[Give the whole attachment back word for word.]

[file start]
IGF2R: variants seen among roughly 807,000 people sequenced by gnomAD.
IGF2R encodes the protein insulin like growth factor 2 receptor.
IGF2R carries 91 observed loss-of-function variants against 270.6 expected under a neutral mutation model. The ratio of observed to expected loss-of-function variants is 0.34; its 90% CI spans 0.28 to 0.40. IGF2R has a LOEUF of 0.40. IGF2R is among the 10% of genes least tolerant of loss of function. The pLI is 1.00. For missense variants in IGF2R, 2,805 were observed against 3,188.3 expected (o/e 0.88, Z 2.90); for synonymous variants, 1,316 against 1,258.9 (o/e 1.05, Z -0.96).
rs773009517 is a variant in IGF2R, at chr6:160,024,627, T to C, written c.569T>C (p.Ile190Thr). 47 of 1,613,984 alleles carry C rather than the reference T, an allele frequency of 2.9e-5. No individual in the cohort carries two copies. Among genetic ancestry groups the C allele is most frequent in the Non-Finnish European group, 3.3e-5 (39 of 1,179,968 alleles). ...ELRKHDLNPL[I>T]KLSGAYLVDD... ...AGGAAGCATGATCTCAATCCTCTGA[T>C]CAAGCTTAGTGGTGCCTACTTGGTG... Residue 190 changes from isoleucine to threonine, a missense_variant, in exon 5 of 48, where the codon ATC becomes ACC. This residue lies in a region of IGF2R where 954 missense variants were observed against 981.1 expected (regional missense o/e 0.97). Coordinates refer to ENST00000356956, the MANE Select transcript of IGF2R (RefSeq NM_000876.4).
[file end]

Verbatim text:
IGF2R: variants seen among roughly 807,000 people sequenced by gnomAD.
IGF2R encodes the protein insulin like growth factor 2 receptor.
IGF2R carries 91 observed loss-of-function variants against 270.6 expected under a neutral mutation model. The ratio of observed to expected loss-of-function variants is 0.34; its 90% CI spans 0.28 to 0.40. IGF2R has a LOEUF of 0.40. IGF2R is among the 10% of genes least tolerant of loss of function. The pLI is 1.00. For missense variants in IGF2R, 2,805 were observed against 3,188.3 expected (o/e 0.88, Z 2.90); for synonymous variants, 1,316 against 1,258.9 (o/e 1.05, Z -0.96).
rs773009517 is a variant in IGF2R, at chr6:160,024,627, T to C, written c.569T>C (p.Ile190Thr). 47 of 1,613,984 alleles carry C rather than the reference T, an allele frequency of 2.9e-5. No individual in the cohort carries two copies. Among genetic ancestry groups the C allele is most frequent in the Non-Finnish European group, 3.3e-5 (39 of 1,179,968 alleles). ...ELRKHDLNPL[I>T]KLSGAYLVDD... ...AGGAAGCATGATCTCAATCCTCTGA[T>C]CAAGCTTAGTGGTGCCTACTTGGTG... Residue 190 changes from isoleucine to threonine, a missense_variant, in exon 5 of 48, where the codon ATC becomes ACC. This residue lies in a region of IGF2R where 954 missense variants were observed against 981.1 expected (regional missense o/e 0.97). Coordinates refer to ENST00000356956, the MANE Select transcript of IGF2R (RefSeq NM_000876.4).